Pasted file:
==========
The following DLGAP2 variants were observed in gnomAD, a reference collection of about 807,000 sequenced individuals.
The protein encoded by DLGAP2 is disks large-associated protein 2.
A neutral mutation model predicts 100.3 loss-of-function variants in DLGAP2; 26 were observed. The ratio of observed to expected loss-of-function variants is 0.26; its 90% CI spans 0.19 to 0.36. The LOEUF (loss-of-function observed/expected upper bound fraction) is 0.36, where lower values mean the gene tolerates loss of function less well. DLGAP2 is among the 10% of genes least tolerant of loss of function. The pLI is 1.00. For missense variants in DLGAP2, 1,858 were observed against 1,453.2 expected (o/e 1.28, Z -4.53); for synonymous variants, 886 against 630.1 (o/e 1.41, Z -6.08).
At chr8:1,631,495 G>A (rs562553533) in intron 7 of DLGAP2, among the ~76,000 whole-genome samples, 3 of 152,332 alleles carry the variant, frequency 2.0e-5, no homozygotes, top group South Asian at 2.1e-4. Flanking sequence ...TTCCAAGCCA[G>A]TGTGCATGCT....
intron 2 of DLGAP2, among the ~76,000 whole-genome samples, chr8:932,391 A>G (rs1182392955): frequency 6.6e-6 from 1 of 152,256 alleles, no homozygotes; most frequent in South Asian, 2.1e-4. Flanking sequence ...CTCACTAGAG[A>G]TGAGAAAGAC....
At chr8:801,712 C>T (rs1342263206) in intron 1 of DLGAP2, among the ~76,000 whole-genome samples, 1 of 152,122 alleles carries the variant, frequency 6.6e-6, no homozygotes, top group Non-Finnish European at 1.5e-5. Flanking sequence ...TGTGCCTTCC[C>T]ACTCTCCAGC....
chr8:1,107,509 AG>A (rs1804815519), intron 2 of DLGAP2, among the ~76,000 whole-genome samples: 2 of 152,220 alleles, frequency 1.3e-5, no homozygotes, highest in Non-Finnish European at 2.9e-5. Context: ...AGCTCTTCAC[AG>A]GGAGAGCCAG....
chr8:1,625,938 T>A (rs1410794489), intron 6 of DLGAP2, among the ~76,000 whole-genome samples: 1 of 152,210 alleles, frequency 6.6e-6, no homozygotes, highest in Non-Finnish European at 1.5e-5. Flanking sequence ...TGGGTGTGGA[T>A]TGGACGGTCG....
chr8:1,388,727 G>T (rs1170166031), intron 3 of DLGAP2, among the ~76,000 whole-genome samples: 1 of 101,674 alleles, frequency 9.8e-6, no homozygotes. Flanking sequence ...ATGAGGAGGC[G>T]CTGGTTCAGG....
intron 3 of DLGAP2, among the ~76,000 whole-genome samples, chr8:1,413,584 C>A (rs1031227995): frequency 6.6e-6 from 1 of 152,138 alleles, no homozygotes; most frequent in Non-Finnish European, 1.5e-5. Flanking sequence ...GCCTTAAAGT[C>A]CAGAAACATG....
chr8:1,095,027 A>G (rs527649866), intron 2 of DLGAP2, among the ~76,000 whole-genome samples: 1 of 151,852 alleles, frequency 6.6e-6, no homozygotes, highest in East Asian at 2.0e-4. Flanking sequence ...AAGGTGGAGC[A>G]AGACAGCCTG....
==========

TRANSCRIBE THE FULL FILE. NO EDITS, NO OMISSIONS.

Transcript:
The following DLGAP2 variants were observed in gnomAD, a reference collection of about 807,000 sequenced individuals.
The protein encoded by DLGAP2 is disks large-associated protein 2.
A neutral mutation model predicts 100.3 loss-of-function variants in DLGAP2; 26 were observed. The ratio of observed to expected loss-of-function variants is 0.26; its 90% CI spans 0.19 to 0.36. The LOEUF (loss-of-function observed/expected upper bound fraction) is 0.36, where lower values mean the gene tolerates loss of function less well. DLGAP2 is among the 10% of genes least tolerant of loss of function. The pLI is 1.00. For missense variants in DLGAP2, 1,858 were observed against 1,453.2 expected (o/e 1.28, Z -4.53); for synonymous variants, 886 against 630.1 (o/e 1.41, Z -6.08).
At chr8:1,631,495 G>A (rs562553533) in intron 7 of DLGAP2, among the ~76,000 whole-genome samples, 3 of 152,332 alleles carry the variant, frequency 2.0e-5, no homozygotes, top group South Asian at 2.1e-4. Flanking sequence ...TTCCAAGCCA[G>A]TGTGCATGCT....
intron 2 of DLGAP2, among the ~76,000 whole-genome samples, chr8:932,391 A>G (rs1182392955): frequency 6.6e-6 from 1 of 152,256 alleles, no homozygotes; most frequent in South Asian, 2.1e-4. Flanking sequence ...CTCACTAGAG[A>G]TGAGAAAGAC....
At chr8:801,712 C>T (rs1342263206) in intron 1 of DLGAP2, among the ~76,000 whole-genome samples, 1 of 152,122 alleles carries the variant, frequency 6.6e-6, no homozygotes, top group Non-Finnish European at 1.5e-5. Flanking sequence ...TGTGCCTTCC[C>T]ACTCTCCAGC....
chr8:1,107,509 AG>A (rs1804815519), intron 2 of DLGAP2, among the ~76,000 whole-genome samples: 2 of 152,220 alleles, frequency 1.3e-5, no homozygotes, highest in Non-Finnish European at 2.9e-5. Context: ...AGCTCTTCAC[AG>A]GGAGAGCCAG....
chr8:1,625,938 T>A (rs1410794489), intron 6 of DLGAP2, among the ~76,000 whole-genome samples: 1 of 152,210 alleles, frequency 6.6e-6, no homozygotes, highest in Non-Finnish European at 1.5e-5. Flanking sequence ...TGGGTGTGGA[T>A]TGGACGGTCG....
chr8:1,388,727 G>T (rs1170166031), intron 3 of DLGAP2, among the ~76,000 whole-genome samples: 1 of 101,674 alleles, frequency 9.8e-6, no homozygotes. Flanking sequence ...ATGAGGAGGC[G>T]CTGGTTCAGG....
intron 3 of DLGAP2, among the ~76,000 whole-genome samples, chr8:1,413,584 C>A (rs1031227995): frequency 6.6e-6 from 1 of 152,138 alleles, no homozygotes; most frequent in Non-Finnish European, 1.5e-5. Flanking sequence ...GCCTTAAAGT[C>A]CAGAAACATG....
chr8:1,095,027 A>G (rs527649866), intron 2 of DLGAP2, among the ~76,000 whole-genome samples: 1 of 151,852 alleles, frequency 6.6e-6, no homozygotes, highest in East Asian at 2.0e-4. Flanking sequence ...AAGGTGGAGC[A>G]AGACAGCCTG....